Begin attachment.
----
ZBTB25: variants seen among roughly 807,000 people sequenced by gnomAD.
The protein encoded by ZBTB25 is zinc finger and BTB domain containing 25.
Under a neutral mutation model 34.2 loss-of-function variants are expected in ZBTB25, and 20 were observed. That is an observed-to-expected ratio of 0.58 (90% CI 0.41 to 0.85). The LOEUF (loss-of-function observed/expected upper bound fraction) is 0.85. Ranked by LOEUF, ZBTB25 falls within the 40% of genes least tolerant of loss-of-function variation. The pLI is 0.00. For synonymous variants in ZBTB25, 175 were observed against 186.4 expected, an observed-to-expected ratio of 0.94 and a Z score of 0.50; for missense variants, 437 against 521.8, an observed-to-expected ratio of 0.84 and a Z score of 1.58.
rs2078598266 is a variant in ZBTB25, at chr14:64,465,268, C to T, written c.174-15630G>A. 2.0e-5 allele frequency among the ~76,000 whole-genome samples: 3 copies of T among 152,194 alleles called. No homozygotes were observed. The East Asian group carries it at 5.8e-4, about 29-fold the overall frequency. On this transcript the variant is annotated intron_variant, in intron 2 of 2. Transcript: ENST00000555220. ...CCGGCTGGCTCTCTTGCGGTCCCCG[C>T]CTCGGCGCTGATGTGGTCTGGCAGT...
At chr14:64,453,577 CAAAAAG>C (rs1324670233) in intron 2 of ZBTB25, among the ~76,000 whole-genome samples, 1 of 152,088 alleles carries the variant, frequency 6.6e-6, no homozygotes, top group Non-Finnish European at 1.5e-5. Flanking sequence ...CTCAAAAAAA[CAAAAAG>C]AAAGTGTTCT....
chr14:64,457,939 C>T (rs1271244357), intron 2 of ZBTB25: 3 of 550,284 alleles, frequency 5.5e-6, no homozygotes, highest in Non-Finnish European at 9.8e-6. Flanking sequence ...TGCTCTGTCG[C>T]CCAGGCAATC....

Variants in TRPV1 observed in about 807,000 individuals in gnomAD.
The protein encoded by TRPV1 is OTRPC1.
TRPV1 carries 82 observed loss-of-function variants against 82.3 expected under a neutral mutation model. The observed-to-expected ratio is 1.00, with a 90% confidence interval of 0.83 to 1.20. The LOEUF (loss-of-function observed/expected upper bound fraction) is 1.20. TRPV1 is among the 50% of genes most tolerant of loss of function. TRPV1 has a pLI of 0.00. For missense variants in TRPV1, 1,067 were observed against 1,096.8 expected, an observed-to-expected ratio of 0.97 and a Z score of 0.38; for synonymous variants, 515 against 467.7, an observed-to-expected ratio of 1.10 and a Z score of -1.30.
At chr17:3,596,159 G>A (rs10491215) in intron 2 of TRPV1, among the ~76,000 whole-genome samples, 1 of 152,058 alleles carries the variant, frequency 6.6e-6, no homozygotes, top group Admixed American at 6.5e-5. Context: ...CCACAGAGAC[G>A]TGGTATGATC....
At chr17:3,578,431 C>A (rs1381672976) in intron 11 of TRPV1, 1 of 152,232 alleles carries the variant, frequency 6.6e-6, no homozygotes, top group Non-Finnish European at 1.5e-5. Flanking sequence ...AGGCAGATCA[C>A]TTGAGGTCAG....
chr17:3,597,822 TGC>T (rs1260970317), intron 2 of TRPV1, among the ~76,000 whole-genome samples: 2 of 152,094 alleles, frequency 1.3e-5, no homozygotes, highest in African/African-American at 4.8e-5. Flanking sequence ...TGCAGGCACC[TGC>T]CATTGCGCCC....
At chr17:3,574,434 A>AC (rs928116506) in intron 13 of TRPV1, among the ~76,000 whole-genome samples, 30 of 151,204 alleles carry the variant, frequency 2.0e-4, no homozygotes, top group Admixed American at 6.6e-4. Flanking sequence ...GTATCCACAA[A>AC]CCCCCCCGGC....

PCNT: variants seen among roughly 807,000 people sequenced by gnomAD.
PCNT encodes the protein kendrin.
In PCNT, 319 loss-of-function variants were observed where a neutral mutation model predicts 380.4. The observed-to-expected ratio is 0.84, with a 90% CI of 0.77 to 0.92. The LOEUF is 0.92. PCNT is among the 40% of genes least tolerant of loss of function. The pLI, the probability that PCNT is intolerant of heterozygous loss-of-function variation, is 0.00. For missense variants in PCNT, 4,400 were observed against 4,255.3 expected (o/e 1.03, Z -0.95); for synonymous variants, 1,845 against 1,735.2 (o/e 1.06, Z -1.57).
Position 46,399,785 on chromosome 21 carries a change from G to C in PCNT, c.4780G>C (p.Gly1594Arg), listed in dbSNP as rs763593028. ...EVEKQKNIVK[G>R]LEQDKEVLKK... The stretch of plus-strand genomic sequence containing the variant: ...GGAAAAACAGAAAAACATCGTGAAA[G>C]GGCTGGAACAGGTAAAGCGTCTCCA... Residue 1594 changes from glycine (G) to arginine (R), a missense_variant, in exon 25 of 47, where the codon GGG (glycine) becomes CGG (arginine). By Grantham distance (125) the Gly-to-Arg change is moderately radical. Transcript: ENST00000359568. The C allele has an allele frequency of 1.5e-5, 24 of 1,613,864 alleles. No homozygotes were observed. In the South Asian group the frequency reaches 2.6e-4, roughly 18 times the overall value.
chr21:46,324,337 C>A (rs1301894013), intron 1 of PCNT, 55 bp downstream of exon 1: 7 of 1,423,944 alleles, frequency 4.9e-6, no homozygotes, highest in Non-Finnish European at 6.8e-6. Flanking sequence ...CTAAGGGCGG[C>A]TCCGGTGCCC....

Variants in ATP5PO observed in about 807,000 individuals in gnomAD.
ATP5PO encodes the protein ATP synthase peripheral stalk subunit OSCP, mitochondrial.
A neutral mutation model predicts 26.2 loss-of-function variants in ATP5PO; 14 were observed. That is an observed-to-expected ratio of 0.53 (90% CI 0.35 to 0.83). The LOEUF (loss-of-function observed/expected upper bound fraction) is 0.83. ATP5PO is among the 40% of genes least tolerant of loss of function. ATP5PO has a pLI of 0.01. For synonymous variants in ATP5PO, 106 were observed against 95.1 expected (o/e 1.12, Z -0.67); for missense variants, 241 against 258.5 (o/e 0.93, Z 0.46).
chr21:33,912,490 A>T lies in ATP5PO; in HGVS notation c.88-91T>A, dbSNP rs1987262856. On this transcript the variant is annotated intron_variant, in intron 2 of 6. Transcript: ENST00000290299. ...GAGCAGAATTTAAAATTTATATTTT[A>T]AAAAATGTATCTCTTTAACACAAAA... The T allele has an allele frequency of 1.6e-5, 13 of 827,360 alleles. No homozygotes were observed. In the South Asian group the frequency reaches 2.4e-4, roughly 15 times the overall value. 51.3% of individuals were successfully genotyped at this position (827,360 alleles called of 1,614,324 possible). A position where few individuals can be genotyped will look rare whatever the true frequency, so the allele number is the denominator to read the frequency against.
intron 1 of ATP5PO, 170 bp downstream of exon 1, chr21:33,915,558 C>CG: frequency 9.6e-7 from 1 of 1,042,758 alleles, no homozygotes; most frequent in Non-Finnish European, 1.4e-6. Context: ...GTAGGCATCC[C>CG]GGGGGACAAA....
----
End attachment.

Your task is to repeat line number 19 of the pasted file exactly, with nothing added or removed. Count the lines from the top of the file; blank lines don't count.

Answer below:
Variants in ATP5PO observed in about 807,000 individuals in gnomAD.